It’s Just Math

Too many Lodges find themselves standing pat on members – that is, years go by and no new members are added to the rolls of the Lodge. It goes without saying (but I will say it anyway) that the inevitable result of this pattern is the eventual demise of the Lodge. It’s just math, folks. Eventually, all Odd Fellows move away or pass away, and if you don’t replenish the organization with new members, the organization will – in time – perish. The Lodge will either lose a quorum and be compelled to give up it’s charter, or it will take the more genteel way to expire by consolidating with another Lodge. Either way, the Lodge perishes from the face of the Earth and becomes an historical footnote.

It is a Shame

And that’s a real shame on many levels. For decades (sometimes for over a Century) your predecessor Odd Fellows had labored long and hard to create, maintain and grow the Lodge your currently occupy. They bought or built a building, they improved it, repaired it, maintained it, and filled it with members and activities. And now, on YOUR watch, you are letting the Lodge fade away as a cipher in time.

Reverse the Trend

Don’t let this happen. It is rarely too late to reverse the trend, even if your active membership has diminished to less than 10 members. It is amazing what a small number of motivated people can accomplish – if they put their minds to it. So, I’m writing this DMC Newsletter to suggest five things you can do to change the trajectory of your Lodge. Try this approach. What do you have to lose?

Roadmap to Success

Roadmap to success for the weak or declining Lodge:

  1. Meet and talk about it. Don’t ignore the elephant in the room. The greatest impediment to success is complacency. Disregarding the problem does not solve it.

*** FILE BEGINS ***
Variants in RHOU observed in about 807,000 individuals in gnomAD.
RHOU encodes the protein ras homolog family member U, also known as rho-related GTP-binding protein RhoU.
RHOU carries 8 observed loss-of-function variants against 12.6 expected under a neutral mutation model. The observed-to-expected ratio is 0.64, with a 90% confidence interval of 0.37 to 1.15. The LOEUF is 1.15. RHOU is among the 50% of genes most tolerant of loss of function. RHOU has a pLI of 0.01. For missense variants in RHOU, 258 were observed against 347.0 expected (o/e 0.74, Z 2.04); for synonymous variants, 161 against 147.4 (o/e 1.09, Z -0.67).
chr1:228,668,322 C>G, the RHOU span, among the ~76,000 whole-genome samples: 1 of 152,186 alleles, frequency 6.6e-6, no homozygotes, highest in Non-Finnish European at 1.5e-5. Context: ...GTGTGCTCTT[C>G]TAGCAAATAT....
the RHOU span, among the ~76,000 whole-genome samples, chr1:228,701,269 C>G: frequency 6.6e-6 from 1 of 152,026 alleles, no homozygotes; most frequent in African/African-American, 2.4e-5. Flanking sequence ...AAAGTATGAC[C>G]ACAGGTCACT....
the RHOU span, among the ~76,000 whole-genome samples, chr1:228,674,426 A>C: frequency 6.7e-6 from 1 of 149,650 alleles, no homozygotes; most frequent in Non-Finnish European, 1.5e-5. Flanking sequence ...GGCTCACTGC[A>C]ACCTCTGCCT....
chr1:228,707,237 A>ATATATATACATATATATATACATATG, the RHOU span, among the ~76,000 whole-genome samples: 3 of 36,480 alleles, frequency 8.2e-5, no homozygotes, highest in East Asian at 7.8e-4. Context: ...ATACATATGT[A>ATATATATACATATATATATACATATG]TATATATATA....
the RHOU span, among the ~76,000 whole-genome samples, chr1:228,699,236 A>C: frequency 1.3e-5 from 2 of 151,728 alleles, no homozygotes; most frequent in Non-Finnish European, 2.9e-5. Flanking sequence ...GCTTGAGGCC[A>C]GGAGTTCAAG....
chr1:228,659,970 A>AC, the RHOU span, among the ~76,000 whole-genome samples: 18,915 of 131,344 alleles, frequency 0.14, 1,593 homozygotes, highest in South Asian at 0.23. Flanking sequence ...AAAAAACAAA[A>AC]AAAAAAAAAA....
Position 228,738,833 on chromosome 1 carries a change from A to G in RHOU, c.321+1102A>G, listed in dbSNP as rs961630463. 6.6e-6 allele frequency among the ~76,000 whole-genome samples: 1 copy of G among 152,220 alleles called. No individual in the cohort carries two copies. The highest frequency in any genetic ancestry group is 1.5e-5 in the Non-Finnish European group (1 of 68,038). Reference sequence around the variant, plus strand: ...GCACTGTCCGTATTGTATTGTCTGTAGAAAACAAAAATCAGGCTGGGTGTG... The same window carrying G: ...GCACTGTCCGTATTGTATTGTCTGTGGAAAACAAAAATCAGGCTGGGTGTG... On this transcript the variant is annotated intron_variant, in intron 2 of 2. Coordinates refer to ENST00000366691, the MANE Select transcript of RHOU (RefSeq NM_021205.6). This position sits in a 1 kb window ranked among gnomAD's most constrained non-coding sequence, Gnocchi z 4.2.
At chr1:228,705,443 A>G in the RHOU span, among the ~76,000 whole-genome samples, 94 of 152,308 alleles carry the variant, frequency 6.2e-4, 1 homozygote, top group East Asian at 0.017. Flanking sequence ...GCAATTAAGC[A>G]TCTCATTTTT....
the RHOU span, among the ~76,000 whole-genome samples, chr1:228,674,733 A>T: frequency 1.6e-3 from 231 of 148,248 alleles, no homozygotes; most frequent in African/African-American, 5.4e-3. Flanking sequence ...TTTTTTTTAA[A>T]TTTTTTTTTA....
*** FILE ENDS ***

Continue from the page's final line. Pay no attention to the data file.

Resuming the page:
2. Agree on a path forward. Spend time at a meeting discussing the need for new members. In fact, dedicate an entire meeting to the subject. Nothing is more important than the continued viability of the Lodge. Make sure the discussion is positive, not negative. This is not the time for anger, accusations, finger-pointing and blame. This is the time that all good Odd Fellows come to the aid of their Lodge. At the end of the discussion, come to a consensus on a path forward.
  3. Schedule social meetings. Every path forward must include social meetings. These are meetings without the formal ritual opening, passwords and signs, and ritual closing. So long as you also conduct formal meetings with ritual, nothing in Odd Fellows law or rules prohibits social meetings. These social meetings allow the Lodge members to have some fun, and to invite prospective new members to share in the fun. Ultimately, no one wants to join a Lodge that is boring.
  4. Eat, drink, and be merry. Odd Fellowship first formed and flourished in the pubs and taverns of England. The members would gather to eat, sing, imbibe, and generally have a good time – enjoying each other’s company and fellowship. When did we lose that feeling? So, your plan going forward must include fun events – let your imagination be your guide. Dinners, breakfasts, ice cream socials, beer tasting, wine tasting, hikes, etc, etc.
  5. Bring in new members who are younger than you are. It does your Lodge little good to bring in new members who are the same age as existing members. If you have a Lodge where the members are all in their 70’s and 80’s, bringing in new members within the same age group does not solve the problem posed by “math”. To continue the life of the Lodge, it’s important to bring in new members who are at least a decade younger. So, a member in his/her 70’s should strive to bring in new members in their 60’s, and so on.

Good luck with this endeavor. The future of Odd Fellowship (and your Lodge) depends on it.

F – L – T

Dave Rosenberg
Past Grand Master
Independent Order of Odd Fellows
Jurisdiction of California

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